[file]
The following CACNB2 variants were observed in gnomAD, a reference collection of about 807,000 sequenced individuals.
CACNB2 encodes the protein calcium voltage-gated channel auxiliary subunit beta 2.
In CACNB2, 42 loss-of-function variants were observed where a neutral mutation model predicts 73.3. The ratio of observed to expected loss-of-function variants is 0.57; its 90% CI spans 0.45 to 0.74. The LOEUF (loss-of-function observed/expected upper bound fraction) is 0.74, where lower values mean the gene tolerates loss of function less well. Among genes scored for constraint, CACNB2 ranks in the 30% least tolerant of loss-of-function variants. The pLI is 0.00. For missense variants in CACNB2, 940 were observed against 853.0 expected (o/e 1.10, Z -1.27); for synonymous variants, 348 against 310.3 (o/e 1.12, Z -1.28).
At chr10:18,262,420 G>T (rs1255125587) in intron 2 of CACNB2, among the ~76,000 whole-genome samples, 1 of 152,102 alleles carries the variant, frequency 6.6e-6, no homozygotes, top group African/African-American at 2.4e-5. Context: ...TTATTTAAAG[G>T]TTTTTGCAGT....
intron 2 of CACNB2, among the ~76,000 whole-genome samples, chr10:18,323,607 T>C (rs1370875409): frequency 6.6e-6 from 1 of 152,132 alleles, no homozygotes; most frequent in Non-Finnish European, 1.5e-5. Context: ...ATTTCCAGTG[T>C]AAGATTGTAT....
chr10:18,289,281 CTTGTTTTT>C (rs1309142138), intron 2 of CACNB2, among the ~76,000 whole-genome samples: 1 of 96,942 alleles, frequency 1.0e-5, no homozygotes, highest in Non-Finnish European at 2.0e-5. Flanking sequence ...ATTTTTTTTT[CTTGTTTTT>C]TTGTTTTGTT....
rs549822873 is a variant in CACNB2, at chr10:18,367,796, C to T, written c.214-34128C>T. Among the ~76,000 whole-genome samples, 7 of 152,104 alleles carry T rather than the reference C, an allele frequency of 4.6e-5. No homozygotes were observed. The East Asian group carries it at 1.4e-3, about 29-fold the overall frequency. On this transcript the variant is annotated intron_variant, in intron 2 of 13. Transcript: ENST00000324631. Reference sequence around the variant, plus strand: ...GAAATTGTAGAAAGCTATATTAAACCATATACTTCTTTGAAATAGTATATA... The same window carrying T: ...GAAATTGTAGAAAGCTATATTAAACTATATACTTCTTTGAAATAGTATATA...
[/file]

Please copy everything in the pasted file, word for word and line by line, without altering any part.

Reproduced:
The following CACNB2 variants were observed in gnomAD, a reference collection of about 807,000 sequenced individuals.
CACNB2 encodes the protein calcium voltage-gated channel auxiliary subunit beta 2.
In CACNB2, 42 loss-of-function variants were observed where a neutral mutation model predicts 73.3. The ratio of observed to expected loss-of-function variants is 0.57; its 90% CI spans 0.45 to 0.74. The LOEUF (loss-of-function observed/expected upper bound fraction) is 0.74, where lower values mean the gene tolerates loss of function less well. Among genes scored for constraint, CACNB2 ranks in the 30% least tolerant of loss-of-function variants. The pLI is 0.00. For missense variants in CACNB2, 940 were observed against 853.0 expected (o/e 1.10, Z -1.27); for synonymous variants, 348 against 310.3 (o/e 1.12, Z -1.28).
At chr10:18,262,420 G>T (rs1255125587) in intron 2 of CACNB2, among the ~76,000 whole-genome samples, 1 of 152,102 alleles carries the variant, frequency 6.6e-6, no homozygotes, top group African/African-American at 2.4e-5. Context: ...TTATTTAAAG[G>T]TTTTTGCAGT....
intron 2 of CACNB2, among the ~76,000 whole-genome samples, chr10:18,323,607 T>C (rs1370875409): frequency 6.6e-6 from 1 of 152,132 alleles, no homozygotes; most frequent in Non-Finnish European, 1.5e-5. Context: ...ATTTCCAGTG[T>C]AAGATTGTAT....
chr10:18,289,281 CTTGTTTTT>C (rs1309142138), intron 2 of CACNB2, among the ~76,000 whole-genome samples: 1 of 96,942 alleles, frequency 1.0e-5, no homozygotes, highest in Non-Finnish European at 2.0e-5. Flanking sequence ...ATTTTTTTTT[CTTGTTTTT>C]TTGTTTTGTT....
rs549822873 is a variant in CACNB2, at chr10:18,367,796, C to T, written c.214-34128C>T. Among the ~76,000 whole-genome samples, 7 of 152,104 alleles carry T rather than the reference C, an allele frequency of 4.6e-5. No homozygotes were observed. The East Asian group carries it at 1.4e-3, about 29-fold the overall frequency. On this transcript the variant is annotated intron_variant, in intron 2 of 13. Transcript: ENST00000324631. Reference sequence around the variant, plus strand: ...GAAATTGTAGAAAGCTATATTAAACCATATACTTCTTTGAAATAGTATATA... The same window carrying T: ...GAAATTGTAGAAAGCTATATTAAACTATATACTTCTTTGAAATAGTATATA...